Neighbors are unhappy about a dog training facility that opened in April near their homes.
Town zoning regulations allow the facility, Integrity K9 Training, which specializes in training canines to compete in a sport called “IPO.”
The owners are up to date on licenses and are members of professional organizations.
However, town officials who approved the plan should have considered the nature of the facility, said Meghan Glomb, of 58 Dunn Hill Road. “It’s not an appropriate place for that business,” she said July 6.
Integrity operated in a Wallingford warehouse for about a year and moved to Durham in late March.
Glomb said one day in April, she heard incessant barking behind her house that continued all month.
Integrity had moved onto 361 Wallingford Road, a property bordering her house.
“That’s how we were alerted that there was something going on,” Glomb said.
Glomb said she complained to town Animal Control Officer April Leiler.
Leiler said Monday she visited the property in April and found several dogs, which surprised her.
“I knew that property had sold, but I wasn’t aware that it had been sold to someone with lots and lots of dogs,” she said.
Integrity owner Samantha Smith and trainer David Caruso live on the 7.65-acre property, which boasts a raised ranch house, pool, gazebo and outbuilding they’ve turned into an indoor training area.
Nearly an acre of land is lined with 6-foot-high chain link fencing for outdoor training. Ten outdoor kennels hold one dog each.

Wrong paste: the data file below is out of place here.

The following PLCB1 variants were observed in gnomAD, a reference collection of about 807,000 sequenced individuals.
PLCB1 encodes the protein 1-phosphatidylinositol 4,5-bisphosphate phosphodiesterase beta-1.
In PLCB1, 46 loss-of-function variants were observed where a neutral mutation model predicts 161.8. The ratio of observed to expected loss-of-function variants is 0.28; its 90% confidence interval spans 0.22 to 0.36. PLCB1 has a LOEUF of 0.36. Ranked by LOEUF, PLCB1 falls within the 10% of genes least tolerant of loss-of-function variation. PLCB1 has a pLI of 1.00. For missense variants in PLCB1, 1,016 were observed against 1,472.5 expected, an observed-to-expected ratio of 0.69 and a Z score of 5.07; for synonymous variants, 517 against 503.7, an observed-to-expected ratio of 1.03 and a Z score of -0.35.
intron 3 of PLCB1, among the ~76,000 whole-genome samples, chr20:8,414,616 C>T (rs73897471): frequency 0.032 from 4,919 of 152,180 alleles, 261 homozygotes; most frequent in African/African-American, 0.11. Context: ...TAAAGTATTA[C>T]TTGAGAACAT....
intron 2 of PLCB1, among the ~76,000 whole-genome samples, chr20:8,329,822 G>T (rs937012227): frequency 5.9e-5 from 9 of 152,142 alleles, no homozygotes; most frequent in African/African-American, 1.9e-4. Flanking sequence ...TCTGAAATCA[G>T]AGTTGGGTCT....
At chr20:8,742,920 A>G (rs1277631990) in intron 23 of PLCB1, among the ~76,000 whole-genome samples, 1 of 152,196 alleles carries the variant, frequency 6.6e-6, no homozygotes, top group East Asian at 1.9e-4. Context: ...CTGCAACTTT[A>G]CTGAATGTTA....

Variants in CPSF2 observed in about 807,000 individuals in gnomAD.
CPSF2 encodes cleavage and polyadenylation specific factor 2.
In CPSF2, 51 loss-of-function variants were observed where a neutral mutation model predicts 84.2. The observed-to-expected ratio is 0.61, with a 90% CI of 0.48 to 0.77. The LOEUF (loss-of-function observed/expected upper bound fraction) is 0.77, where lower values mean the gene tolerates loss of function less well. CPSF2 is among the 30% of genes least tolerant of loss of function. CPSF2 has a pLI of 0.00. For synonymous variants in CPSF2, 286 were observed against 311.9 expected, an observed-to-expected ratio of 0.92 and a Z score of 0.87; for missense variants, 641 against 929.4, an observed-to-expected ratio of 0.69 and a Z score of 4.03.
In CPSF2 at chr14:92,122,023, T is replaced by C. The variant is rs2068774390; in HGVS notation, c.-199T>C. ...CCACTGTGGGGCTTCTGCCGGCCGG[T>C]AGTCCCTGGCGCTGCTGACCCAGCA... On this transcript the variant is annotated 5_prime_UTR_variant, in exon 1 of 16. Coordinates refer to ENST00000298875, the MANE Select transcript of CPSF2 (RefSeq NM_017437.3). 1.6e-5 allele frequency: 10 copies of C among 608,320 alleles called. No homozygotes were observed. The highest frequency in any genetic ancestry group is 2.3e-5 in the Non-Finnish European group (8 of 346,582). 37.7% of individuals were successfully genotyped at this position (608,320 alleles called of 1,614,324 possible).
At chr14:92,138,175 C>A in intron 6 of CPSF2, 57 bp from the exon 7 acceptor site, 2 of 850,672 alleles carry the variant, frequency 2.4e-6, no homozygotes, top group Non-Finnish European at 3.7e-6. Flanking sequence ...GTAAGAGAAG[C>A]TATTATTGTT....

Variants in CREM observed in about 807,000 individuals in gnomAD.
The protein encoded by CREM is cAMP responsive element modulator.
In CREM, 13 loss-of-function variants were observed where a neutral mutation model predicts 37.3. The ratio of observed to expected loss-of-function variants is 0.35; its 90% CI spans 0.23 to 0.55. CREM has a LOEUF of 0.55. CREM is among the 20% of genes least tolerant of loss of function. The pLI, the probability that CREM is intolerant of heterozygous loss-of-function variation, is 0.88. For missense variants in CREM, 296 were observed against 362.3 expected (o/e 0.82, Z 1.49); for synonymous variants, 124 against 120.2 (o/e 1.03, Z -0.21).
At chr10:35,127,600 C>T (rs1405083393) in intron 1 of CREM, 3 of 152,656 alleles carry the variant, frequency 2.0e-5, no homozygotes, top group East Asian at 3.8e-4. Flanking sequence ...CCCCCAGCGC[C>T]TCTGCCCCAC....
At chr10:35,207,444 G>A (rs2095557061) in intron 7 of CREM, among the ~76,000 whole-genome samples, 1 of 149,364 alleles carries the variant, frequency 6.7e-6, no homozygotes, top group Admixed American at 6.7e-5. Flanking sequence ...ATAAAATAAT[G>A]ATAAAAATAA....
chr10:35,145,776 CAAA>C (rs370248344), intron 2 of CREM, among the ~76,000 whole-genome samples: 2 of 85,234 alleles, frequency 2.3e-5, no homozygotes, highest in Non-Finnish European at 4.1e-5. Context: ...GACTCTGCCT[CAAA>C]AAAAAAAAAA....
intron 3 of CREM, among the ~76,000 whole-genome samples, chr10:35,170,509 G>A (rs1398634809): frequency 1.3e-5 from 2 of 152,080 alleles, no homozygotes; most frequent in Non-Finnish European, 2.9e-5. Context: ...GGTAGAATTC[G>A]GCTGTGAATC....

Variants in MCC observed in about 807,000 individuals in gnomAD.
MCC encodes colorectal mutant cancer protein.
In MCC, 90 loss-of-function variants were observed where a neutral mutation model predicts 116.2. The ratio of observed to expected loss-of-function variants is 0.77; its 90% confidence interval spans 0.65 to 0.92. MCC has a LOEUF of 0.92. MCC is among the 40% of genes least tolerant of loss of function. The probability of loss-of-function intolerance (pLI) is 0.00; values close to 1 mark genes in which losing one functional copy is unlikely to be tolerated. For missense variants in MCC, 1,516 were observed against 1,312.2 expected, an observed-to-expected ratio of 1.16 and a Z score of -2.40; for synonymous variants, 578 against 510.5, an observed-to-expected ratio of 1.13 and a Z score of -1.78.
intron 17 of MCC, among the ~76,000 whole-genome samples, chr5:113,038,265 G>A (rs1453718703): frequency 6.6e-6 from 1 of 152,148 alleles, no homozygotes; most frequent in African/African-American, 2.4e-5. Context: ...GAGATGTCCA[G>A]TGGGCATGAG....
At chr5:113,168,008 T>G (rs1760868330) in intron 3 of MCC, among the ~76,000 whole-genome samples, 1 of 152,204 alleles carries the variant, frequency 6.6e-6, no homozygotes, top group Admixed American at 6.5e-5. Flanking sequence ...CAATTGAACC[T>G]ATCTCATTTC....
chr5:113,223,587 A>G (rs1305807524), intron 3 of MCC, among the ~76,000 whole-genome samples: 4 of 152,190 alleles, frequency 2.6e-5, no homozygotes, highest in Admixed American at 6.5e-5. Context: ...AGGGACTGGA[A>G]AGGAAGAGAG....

Smith said she has about 20 dogs on the property currently, both German Shepherds and Belgian Malinois.
“Do they bark? Absolutely,” Smith said. “Do they bark for extended periods of time? No they don’t … We have to teach them to bark for the sport aspect.”
IPO stands for Internationale Prüfungsordnung, German for international trial rules.
Three phases of the sport are obedience, tracking and protection.
“I don’t want my dogs barking for a long period of time,” Smith said. “They don’t need to drain their energy that way and I don’t want them learning bad behaviors.”
Sport and service
IPO has local, regional, national and worldwide trials. Dogs of Smith’s have competed nationally.
“These dogs are loyal, they’re determined,” Smith said. “It is pretty incredible to watch what they do.”
Obedience trials, Caruso said, are 80 percent of IPO testing, including heeling, retrieving and jumping.
They plan to use the town open spaces and hay fields to practice tracking.
“Come trial time, that’s what you usually track on,” Caruso said. “Nine out of 10 times, it’s hay fields.”
Protection includes defense and attacking components.
“That bite component is there, but obviously it’s not willy-nilly” Smith said. Dog trainers protect themselves with bite sleeves made of jute.
Smith said she’s beginning a breeding program.
“We keep most of the puppies in order to train them” for sport, police or service dog work, Smith said.
“It’s not just about making money or fulfilling even just a passion,” Smith said. “It’s also about trying to give back in different ways.”